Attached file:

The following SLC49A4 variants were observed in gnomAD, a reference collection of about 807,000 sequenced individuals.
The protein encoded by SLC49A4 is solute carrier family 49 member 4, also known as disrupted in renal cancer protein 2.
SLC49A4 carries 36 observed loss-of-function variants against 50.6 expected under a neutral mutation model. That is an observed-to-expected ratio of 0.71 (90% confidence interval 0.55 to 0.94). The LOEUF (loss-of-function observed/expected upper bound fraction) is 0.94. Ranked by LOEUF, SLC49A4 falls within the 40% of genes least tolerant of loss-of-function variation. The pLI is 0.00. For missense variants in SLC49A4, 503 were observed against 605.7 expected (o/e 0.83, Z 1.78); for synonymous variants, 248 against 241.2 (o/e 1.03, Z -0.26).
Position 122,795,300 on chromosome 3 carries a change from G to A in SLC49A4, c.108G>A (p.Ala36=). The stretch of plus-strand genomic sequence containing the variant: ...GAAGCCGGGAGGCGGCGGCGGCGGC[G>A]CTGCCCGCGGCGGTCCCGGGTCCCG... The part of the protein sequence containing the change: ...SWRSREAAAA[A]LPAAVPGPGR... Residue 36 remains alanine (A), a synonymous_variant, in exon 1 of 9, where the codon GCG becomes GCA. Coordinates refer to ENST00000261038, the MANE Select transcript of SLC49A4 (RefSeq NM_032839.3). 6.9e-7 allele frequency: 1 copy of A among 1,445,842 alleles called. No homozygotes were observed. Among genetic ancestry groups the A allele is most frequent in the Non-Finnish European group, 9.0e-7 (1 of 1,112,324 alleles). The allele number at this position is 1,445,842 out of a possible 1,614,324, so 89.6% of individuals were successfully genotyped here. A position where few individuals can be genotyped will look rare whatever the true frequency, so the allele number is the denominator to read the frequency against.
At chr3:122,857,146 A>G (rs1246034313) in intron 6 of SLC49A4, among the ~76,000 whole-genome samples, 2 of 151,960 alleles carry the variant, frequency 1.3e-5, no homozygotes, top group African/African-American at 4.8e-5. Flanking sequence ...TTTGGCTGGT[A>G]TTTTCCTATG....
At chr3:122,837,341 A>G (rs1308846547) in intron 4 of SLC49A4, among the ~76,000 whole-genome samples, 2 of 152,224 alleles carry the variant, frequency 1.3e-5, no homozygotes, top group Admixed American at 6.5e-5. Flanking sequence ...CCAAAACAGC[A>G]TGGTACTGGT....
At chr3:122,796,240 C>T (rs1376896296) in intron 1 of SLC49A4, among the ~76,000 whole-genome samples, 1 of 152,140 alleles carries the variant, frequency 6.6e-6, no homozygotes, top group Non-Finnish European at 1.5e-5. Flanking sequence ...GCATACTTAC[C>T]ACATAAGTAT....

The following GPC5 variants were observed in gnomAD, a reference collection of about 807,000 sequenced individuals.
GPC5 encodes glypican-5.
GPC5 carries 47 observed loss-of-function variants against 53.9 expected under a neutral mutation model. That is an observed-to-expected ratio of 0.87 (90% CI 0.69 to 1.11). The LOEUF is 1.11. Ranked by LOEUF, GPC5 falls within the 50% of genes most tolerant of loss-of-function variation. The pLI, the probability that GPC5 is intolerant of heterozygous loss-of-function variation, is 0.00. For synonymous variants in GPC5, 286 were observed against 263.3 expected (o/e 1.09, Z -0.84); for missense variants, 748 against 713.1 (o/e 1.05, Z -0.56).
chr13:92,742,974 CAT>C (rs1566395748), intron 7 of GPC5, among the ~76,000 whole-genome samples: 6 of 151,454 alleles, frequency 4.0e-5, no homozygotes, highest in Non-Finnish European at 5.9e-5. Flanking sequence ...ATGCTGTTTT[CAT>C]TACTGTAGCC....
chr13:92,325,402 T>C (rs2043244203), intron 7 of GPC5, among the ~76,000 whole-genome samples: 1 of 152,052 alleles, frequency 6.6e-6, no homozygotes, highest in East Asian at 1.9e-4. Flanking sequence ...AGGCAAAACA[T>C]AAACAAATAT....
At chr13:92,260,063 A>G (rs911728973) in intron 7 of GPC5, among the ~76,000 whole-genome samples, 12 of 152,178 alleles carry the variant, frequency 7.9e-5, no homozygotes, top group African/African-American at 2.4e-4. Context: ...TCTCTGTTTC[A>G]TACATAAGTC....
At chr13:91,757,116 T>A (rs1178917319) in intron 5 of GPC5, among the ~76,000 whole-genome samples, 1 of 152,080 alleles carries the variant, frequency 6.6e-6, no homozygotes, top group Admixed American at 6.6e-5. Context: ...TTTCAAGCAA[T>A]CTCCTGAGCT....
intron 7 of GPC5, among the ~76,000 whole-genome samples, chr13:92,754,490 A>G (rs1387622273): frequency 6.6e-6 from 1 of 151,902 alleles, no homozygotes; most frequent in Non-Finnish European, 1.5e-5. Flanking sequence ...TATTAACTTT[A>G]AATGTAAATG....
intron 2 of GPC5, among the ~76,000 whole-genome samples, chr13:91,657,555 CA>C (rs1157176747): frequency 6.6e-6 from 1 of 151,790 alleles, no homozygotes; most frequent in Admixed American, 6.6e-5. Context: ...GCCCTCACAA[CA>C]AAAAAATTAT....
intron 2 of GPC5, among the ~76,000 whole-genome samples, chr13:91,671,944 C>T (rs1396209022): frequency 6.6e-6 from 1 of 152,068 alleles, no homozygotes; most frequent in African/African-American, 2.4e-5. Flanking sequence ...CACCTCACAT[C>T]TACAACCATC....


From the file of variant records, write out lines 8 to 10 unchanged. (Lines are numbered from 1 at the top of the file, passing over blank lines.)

The following GPC5 variants were observed in gnomAD, a reference collection of about 807,000 sequenced individuals.
GPC5 encodes glypican-5.
GPC5 carries 47 observed loss-of-function variants against 53.9 expected under a neutral mutation model. That is an observed-to-expected ratio of 0.87 (90% CI 0.69 to 1.11). The LOEUF is 1.11. Ranked by LOEUF, GPC5 falls within the 50% of genes most tolerant of loss-of-function variation. The pLI, the probability that GPC5 is intolerant of heterozygous loss-of-function variation, is 0.00. For synonymous variants in GPC5, 286 were observed against 263.3 expected (o/e 1.09, Z -0.84); for missense variants, 748 against 713.1 (o/e 1.05, Z -0.56).